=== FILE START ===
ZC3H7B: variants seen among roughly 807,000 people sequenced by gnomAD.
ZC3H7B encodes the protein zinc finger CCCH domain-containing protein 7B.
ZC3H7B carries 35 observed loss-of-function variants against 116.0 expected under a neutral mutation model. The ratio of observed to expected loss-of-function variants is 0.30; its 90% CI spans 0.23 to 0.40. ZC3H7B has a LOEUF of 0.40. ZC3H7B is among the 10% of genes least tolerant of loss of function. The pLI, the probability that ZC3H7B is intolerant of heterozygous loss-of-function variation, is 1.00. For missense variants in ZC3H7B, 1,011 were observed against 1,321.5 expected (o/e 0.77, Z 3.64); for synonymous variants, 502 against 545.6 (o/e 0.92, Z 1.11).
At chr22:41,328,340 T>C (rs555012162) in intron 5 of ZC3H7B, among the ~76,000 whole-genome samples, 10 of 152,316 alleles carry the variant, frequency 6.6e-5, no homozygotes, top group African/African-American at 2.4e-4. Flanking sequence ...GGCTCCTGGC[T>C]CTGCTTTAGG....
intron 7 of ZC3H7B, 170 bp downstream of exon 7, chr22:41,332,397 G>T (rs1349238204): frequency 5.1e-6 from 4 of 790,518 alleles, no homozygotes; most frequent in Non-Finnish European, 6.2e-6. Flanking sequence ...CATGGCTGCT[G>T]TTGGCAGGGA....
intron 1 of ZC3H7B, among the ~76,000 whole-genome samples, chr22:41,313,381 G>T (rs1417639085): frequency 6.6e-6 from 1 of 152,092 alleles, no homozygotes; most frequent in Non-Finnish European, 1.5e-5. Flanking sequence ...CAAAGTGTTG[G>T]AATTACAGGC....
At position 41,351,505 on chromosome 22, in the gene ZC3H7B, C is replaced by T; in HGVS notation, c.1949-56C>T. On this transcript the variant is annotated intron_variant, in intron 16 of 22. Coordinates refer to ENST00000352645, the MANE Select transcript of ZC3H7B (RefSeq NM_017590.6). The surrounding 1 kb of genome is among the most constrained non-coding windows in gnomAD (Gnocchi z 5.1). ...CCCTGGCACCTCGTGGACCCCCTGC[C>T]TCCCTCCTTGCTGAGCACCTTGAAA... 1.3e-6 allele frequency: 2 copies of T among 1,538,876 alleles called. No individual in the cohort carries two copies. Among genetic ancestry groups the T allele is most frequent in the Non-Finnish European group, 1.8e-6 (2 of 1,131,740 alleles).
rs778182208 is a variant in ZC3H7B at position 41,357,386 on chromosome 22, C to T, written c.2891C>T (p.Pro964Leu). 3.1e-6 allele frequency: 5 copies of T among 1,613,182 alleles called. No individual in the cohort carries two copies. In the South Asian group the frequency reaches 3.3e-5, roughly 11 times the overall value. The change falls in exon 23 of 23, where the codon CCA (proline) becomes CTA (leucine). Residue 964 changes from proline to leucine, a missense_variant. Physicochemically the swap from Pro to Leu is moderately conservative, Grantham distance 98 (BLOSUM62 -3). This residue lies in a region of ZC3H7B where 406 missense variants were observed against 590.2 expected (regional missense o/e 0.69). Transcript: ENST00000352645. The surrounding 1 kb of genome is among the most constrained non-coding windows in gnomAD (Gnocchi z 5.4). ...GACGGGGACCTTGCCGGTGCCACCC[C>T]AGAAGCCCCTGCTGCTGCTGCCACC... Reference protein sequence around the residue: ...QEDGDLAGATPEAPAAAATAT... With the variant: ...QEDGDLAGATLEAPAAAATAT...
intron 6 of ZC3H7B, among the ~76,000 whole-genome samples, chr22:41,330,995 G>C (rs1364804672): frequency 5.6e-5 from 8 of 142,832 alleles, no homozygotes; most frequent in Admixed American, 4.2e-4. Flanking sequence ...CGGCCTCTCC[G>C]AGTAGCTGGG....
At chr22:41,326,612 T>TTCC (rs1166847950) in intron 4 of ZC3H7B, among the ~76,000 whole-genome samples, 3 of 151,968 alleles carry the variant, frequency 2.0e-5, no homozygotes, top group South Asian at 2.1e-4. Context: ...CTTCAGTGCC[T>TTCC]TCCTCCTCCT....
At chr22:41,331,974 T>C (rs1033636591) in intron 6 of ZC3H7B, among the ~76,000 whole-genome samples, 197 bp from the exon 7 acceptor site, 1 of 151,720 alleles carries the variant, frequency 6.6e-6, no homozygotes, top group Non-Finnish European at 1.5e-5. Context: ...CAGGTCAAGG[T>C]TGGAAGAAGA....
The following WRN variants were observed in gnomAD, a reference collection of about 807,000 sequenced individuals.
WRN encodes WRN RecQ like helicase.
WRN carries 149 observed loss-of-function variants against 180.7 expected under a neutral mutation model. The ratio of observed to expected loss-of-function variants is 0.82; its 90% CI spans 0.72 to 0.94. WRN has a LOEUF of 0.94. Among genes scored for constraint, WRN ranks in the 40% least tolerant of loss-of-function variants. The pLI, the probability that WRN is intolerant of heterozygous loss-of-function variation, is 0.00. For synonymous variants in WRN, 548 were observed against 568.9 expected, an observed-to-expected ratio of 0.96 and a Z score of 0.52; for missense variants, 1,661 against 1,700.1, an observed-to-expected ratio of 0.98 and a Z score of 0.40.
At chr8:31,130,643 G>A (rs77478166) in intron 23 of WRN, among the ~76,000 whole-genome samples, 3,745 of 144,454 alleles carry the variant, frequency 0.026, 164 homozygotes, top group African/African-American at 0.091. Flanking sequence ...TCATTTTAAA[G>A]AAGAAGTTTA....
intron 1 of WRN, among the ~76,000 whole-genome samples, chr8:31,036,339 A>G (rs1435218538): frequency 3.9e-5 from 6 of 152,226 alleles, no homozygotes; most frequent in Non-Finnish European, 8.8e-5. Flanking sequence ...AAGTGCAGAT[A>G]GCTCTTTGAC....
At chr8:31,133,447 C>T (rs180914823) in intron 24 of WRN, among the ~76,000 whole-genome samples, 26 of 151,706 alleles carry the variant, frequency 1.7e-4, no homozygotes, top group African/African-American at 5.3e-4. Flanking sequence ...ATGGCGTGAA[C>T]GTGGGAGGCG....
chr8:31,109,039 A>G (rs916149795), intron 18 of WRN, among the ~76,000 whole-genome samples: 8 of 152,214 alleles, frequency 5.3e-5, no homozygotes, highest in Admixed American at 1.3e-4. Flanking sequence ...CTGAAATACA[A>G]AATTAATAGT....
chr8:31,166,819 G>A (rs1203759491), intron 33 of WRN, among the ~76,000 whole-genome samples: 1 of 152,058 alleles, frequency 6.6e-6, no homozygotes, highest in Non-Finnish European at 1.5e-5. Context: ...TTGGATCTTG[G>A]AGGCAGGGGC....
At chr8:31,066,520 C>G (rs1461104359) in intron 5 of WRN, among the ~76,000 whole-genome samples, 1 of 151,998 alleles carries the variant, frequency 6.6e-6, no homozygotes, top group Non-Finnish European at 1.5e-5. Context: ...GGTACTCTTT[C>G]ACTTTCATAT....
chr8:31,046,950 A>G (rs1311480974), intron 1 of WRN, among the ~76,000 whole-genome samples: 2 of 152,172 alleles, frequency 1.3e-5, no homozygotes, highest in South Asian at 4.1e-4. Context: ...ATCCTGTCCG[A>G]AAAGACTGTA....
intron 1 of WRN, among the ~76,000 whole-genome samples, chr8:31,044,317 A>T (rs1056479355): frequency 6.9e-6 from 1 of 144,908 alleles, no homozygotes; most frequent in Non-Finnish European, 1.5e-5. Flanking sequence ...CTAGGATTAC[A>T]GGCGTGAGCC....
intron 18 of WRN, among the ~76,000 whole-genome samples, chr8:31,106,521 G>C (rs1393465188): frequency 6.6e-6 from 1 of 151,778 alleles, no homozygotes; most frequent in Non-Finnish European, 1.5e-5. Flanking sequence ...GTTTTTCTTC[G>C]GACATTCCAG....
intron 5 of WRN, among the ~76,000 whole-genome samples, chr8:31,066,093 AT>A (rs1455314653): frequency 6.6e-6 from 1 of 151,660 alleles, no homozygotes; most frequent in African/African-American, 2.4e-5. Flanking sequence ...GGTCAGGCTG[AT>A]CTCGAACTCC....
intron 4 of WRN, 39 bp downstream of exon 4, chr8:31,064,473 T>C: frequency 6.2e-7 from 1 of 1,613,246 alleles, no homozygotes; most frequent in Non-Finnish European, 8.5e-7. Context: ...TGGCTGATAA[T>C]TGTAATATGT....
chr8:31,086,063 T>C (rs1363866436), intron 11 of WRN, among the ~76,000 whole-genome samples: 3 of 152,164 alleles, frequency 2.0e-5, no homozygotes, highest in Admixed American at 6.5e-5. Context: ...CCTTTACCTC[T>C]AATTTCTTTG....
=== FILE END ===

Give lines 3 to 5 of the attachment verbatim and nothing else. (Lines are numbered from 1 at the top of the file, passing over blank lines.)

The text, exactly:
ZC3H7B carries 35 observed loss-of-function variants against 116.0 expected under a neutral mutation model. The ratio of observed to expected loss-of-function variants is 0.30; its 90% CI spans 0.23 to 0.40. ZC3H7B has a LOEUF of 0.40. ZC3H7B is among the 10% of genes least tolerant of loss of function. The pLI, the probability that ZC3H7B is intolerant of heterozygous loss-of-function variation, is 1.00. For missense variants in ZC3H7B, 1,011 were observed against 1,321.5 expected (o/e 0.77, Z 3.64); for synonymous variants, 502 against 545.6 (o/e 0.92, Z 1.11).
At chr22:41,328,340 T>C (rs555012162) in intron 5 of ZC3H7B, among the ~76,000 whole-genome samples, 10 of 152,316 alleles carry the variant, frequency 6.6e-5, no homozygotes, top group African/African-American at 2.4e-4. Flanking sequence ...GGCTCCTGGC[T>C]CTGCTTTAGG....
intron 7 of ZC3H7B, 170 bp downstream of exon 7, chr22:41,332,397 G>T (rs1349238204): frequency 5.1e-6 from 4 of 790,518 alleles, no homozygotes; most frequent in Non-Finnish European, 6.2e-6. Flanking sequence ...CATGGCTGCT[G>T]TTGGCAGGGA....